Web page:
3  (1.7E02,3.3E01)** (2.5E01,1.3E02)  (4.9E02,3.0E01)* (2.2E01,3.7E02)  0.007**  0.002**  
OPRM1  2  (1.2E+00,1.1E02)** (4.7E16,5.0E16)  (1.1E+00,1.8E01)* (3.7E16,3.4E16)  0.107  0.002** 
3  (5.3E02,1.4E+00)** (4.9E01,1.7E02)  (2.4E01,1.2E+00)* (4.2E01,8.0E02)  0.012*  0.004** 
Sample characteristics of heroininduced positive responses on first use
Cases (N= 91)  Controls (N= 245)  Pvalue  

Age (yrs)  30.42 ± 7.65  30.93 ± 8.18  0.6057 
Women (%)  26.4  29.8  0.5384 
Age at onset (yrs)  26.29 ± 7.41  26.97 ± 7.89  0.4760 
Reason for first use of heroin  0.7173  
Curiousness  79.1  75.1  
Peer pressure  6.6  4.9  
Physical disease  7.7  10.2  
Trouble  5.5  6.1  
Other reasons  1.1  3.8 
Armitage trend tests on nine OPRM1 SNPs and heroininduced positive responses on first use
SNP  Genotype  Count and frequency  Armitage trend test  

Cases  Controls  Chisquare  P value  
rs1799971  AA  55  0.604  150  0.622  0.003  0.9537 
AG  27  0.297  64  0.266  
GG  9  0.099  24  0.112  
rs510769  TT  56  0.667  167  0.749  2.744  0.0976 
TC  24  0.286  53  0.237  
CC  4  0.048  4  0.018  
rs696522  AA  64  0.762  215  0.907  11.097  0.0009* 
AG  19  0.226  21  0.089  
GG  1  0.012  1  0.004  
rs1381376  CC  70  0.769  221  0.913  13.409  0.0003* 
CT  20  0.220  21  0.087  
TT  1  0.011  0  0.000  
rs3778151  GG  66  0.733  215  0.896  14.655  0.0001* 
GA  23  0.256  25  0.104  
AA  1  0.011  0  0.000  
rs2075572  GG  50  0.556  149  0.642  1.574  0.2096 
GC  33  0.367  82  0.353  
CC  7  0.078  11  0.047  
rs533586  TT  68  0.840  203  0.868  0.761  0.3830 
TC  12  0.148  31  0.132  
CC  1  0.012  0  0.000  
rs550014  TT  78  0.857  203  0.832  0.093  0.7602 
TC  12  0.132  41  0.168  
CC  1  0.011  0  0.000  
rs658156  GG  65  0.714  192  0.787  2.041  0.1531 
GA  24  0.264  52  0.213  
AA  1  0.011  0  0.000 
Discussion
In this study, a PCAbased bootstrap confidence interval test[19, 26–28] (PCABCIT) is developed to study genedisease association using all SNPs genotyped in a given region. There are several attractive features of PCAbased approaches. First of all, they are at least as powerful as genotype and haplotypebased methods[7, 16, 17]. Secondly, they are able to capture LD information between correlated SNPs and easy to compute with needless consideration of multicollinearity and multiple testing. Thirdly, BCIT integrates point estimation and hypothesis testing as a single inferential statement of great intuitive appeal[29] and does not rely on the distributional assumption of the statistic used to calculate confidence interval[19, 26–29].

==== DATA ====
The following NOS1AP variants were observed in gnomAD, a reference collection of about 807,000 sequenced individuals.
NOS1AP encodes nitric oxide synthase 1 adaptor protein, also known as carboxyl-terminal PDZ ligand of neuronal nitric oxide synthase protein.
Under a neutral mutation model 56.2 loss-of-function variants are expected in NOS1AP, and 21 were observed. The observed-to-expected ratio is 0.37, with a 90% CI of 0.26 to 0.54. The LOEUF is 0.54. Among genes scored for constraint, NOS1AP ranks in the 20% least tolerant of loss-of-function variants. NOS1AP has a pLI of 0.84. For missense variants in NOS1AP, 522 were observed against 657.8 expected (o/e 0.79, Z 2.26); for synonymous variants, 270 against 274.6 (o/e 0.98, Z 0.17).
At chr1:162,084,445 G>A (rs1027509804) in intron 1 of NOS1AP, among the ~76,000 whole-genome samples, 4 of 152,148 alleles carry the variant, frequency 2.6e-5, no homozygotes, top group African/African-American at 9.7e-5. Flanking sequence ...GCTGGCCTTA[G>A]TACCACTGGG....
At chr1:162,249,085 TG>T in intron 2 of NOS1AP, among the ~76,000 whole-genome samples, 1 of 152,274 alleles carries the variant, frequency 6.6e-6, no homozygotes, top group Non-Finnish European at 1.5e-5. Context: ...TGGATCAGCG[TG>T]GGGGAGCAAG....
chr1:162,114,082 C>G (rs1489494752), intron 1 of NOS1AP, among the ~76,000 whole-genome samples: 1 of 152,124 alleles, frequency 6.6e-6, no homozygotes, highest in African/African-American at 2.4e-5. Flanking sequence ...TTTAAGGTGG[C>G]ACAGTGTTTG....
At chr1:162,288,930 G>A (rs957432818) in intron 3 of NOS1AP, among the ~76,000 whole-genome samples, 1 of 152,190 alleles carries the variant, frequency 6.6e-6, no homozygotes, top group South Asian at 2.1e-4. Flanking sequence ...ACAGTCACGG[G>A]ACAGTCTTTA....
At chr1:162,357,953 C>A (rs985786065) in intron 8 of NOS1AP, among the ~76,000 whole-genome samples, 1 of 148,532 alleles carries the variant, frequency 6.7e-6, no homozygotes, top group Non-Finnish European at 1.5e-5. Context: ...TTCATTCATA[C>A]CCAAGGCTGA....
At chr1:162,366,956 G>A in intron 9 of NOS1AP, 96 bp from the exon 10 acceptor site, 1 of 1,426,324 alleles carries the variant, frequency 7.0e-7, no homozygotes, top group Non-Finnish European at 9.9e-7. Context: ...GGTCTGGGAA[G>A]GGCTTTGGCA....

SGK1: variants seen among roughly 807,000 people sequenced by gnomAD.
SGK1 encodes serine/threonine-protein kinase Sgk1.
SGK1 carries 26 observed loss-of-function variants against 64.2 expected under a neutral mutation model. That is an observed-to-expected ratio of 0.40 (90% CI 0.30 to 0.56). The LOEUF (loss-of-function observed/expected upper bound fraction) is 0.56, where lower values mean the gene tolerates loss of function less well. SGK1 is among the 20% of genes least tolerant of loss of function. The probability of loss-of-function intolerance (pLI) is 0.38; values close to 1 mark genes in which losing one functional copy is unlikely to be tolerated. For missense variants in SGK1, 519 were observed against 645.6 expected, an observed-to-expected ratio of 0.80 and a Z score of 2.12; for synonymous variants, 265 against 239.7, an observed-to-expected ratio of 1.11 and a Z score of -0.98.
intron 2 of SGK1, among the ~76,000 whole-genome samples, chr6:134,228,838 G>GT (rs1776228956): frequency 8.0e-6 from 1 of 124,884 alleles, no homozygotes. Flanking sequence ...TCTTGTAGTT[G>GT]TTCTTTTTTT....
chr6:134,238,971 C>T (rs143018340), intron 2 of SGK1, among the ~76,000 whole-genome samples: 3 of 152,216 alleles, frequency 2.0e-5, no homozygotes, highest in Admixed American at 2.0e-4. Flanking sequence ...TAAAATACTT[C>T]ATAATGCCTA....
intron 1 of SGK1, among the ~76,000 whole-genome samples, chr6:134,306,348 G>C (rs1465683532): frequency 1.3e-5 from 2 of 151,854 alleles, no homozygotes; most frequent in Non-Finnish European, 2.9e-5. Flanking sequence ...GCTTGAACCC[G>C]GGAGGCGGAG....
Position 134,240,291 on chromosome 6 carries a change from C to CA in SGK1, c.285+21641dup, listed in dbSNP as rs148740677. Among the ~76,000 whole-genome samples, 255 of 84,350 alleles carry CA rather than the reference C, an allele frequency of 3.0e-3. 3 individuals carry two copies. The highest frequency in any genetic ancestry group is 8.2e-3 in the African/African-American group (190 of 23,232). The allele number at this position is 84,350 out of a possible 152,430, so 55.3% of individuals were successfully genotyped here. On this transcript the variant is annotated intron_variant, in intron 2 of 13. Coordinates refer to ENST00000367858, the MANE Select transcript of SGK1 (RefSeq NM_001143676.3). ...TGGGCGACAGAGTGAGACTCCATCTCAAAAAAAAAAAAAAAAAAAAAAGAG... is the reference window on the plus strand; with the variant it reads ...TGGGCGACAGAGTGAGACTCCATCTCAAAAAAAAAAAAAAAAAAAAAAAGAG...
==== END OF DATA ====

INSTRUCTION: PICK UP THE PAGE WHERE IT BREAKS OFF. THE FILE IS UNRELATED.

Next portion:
While there have been several different but closely related forms of bootstrap confidence interval calculations[28], we focus on percentiles of the asymptotic distribution of PC s for given confidence levels to estimate the confidence interval. PCABCIT is a datalearning method[29], and shown to be valid and powerful for sufficiently large number of replicates in our study. Our investigation involving three strategies of extracting PC s reveals that strategy 1 is invalid, while strategies 2 and 3 are acceptable. From analyses of real data we find that PCABCIT is more favourable compared with PCALRT and permutation test. It is suggested that a practical advantage of PCABCIT is that it offers an intuitive measure of difference between cases and controls by using the set of SNPs (PC scores) in a candidate region (Figure 3). As extraction of PC s through COES is more in line with the principle of a casecontrol study, it will be our method of choice given that it has a comparable performance with CES. Nevertheless, PCABCIT has the limitation that it does not directly handle covariates as is usually done in a regression model.
Conclusions
PCABCIT is both a valid and a powerful PCAbased method which captures multiSNP information in study of genedisease association. While extracting PC s based on CAES, COES and CES all have good performances, it appears that COES is more appropriate to use.
Abbreviations
 SNP :

single nucleotide polymorphism
 HWE :

HardyWeinberg Equilibrium
 LD :

linkage disequilibrium
 LRT :

logistic regression test
 PCA :

principle component analysis
 PC :

principle component
 ES :

extracting strategy
 SES :

separate case and control extracting strategy (strategy 0)
 CAES :

casebased extracting strategy (strategy 1)
 COES :

controlbased extracting strategy (strategy 2)
 CES :

combined case and control extracting strategy (strategy 3)
 BCIT :

bootstrap confidence interval test.
Declarations
Acknowledgements
This work was supported by grant from the National Natural Science Foundation of China (30871392). We wish to thank Dr. Dandan Zhang (Fudan University) and NARAC for supplying us with the data, and comments from the Associate Editor and anonymous referees which greatly improved the manuscript. Special thanks to referee for the insightful comment that extraction of PC s with controls is line with the casecontrol principles.
Authors’ Affiliations